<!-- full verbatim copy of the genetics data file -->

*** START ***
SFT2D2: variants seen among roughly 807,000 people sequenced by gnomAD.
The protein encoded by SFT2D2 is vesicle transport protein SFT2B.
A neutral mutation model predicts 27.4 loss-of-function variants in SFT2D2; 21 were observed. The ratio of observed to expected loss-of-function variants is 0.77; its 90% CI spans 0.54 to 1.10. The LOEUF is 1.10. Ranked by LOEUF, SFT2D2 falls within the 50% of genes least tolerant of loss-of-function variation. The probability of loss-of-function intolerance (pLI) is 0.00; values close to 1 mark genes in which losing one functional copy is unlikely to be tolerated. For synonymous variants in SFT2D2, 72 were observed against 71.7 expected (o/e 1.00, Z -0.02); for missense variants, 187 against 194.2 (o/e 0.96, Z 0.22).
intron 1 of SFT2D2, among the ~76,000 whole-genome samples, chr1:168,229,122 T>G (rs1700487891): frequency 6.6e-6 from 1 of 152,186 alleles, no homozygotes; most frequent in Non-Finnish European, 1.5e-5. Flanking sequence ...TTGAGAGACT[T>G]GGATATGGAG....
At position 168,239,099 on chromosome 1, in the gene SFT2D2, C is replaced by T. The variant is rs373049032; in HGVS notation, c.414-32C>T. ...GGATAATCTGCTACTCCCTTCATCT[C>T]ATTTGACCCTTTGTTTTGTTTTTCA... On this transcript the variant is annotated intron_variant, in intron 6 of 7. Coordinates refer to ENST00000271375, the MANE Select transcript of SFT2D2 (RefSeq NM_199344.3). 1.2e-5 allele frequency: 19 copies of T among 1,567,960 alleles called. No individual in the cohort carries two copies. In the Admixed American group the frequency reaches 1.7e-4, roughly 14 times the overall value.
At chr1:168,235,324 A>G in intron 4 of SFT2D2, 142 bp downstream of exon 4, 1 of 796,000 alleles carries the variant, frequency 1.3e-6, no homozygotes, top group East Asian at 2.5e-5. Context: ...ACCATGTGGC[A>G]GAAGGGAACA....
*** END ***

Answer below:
SFT2D2: variants seen among roughly 807,000 people sequenced by gnomAD.
The protein encoded by SFT2D2 is vesicle transport protein SFT2B.
A neutral mutation model predicts 27.4 loss-of-function variants in SFT2D2; 21 were observed. The ratio of observed to expected loss-of-function variants is 0.77; its 90% CI spans 0.54 to 1.10. The LOEUF is 1.10. Ranked by LOEUF, SFT2D2 falls within the 50% of genes least tolerant of loss-of-function variation. The probability of loss-of-function intolerance (pLI) is 0.00; values close to 1 mark genes in which losing one functional copy is unlikely to be tolerated. For synonymous variants in SFT2D2, 72 were observed against 71.7 expected (o/e 1.00, Z -0.02); for missense variants, 187 against 194.2 (o/e 0.96, Z 0.22).
intron 1 of SFT2D2, among the ~76,000 whole-genome samples, chr1:168,229,122 T>G (rs1700487891): frequency 6.6e-6 from 1 of 152,186 alleles, no homozygotes; most frequent in Non-Finnish European, 1.5e-5. Flanking sequence ...TTGAGAGACT[T>G]GGATATGGAG....
At position 168,239,099 on chromosome 1, in the gene SFT2D2, C is replaced by T. The variant is rs373049032; in HGVS notation, c.414-32C>T. ...GGATAATCTGCTACTCCCTTCATCT[C>T]ATTTGACCCTTTGTTTTGTTTTTCA... On this transcript the variant is annotated intron_variant, in intron 6 of 7. Coordinates refer to ENST00000271375, the MANE Select transcript of SFT2D2 (RefSeq NM_199344.3). 1.2e-5 allele frequency: 19 copies of T among 1,567,960 alleles called. No individual in the cohort carries two copies. In the Admixed American group the frequency reaches 1.7e-4, roughly 14 times the overall value.
At chr1:168,235,324 A>G in intron 4 of SFT2D2, 142 bp downstream of exon 4, 1 of 796,000 alleles carries the variant, frequency 1.3e-6, no homozygotes, top group East Asian at 2.5e-5. Context: ...ACCATGTGGC[A>G]GAAGGGAACA....